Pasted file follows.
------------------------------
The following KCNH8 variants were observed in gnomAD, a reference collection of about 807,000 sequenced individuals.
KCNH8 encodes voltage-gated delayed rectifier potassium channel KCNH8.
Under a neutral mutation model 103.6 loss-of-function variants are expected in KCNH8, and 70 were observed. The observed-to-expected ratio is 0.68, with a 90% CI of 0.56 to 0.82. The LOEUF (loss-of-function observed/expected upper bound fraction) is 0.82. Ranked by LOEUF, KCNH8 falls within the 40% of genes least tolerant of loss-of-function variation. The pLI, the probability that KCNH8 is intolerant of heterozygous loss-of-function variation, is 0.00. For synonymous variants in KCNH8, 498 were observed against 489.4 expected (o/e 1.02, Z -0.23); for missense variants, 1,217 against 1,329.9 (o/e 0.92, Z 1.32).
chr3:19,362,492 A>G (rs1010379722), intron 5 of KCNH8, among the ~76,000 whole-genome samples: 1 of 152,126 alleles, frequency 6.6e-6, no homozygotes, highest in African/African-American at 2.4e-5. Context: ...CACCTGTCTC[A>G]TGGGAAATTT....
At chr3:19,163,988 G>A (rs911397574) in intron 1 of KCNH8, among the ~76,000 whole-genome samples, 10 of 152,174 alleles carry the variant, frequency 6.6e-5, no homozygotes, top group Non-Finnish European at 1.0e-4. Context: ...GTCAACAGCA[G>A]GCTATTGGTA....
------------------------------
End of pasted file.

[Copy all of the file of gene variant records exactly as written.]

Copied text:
The following KCNH8 variants were observed in gnomAD, a reference collection of about 807,000 sequenced individuals.
KCNH8 encodes voltage-gated delayed rectifier potassium channel KCNH8.
Under a neutral mutation model 103.6 loss-of-function variants are expected in KCNH8, and 70 were observed. The observed-to-expected ratio is 0.68, with a 90% CI of 0.56 to 0.82. The LOEUF (loss-of-function observed/expected upper bound fraction) is 0.82. Ranked by LOEUF, KCNH8 falls within the 40% of genes least tolerant of loss-of-function variation. The pLI, the probability that KCNH8 is intolerant of heterozygous loss-of-function variation, is 0.00. For synonymous variants in KCNH8, 498 were observed against 489.4 expected (o/e 1.02, Z -0.23); for missense variants, 1,217 against 1,329.9 (o/e 0.92, Z 1.32).
chr3:19,362,492 A>G (rs1010379722), intron 5 of KCNH8, among the ~76,000 whole-genome samples: 1 of 152,126 alleles, frequency 6.6e-6, no homozygotes, highest in African/African-American at 2.4e-5. Context: ...CACCTGTCTC[A>G]TGGGAAATTT....
At chr3:19,163,988 G>A (rs911397574) in intron 1 of KCNH8, among the ~76,000 whole-genome samples, 10 of 152,174 alleles carry the variant, frequency 6.6e-5, no homozygotes, top group Non-Finnish European at 1.0e-4. Context: ...GTCAACAGCA[G>A]GCTATTGGTA....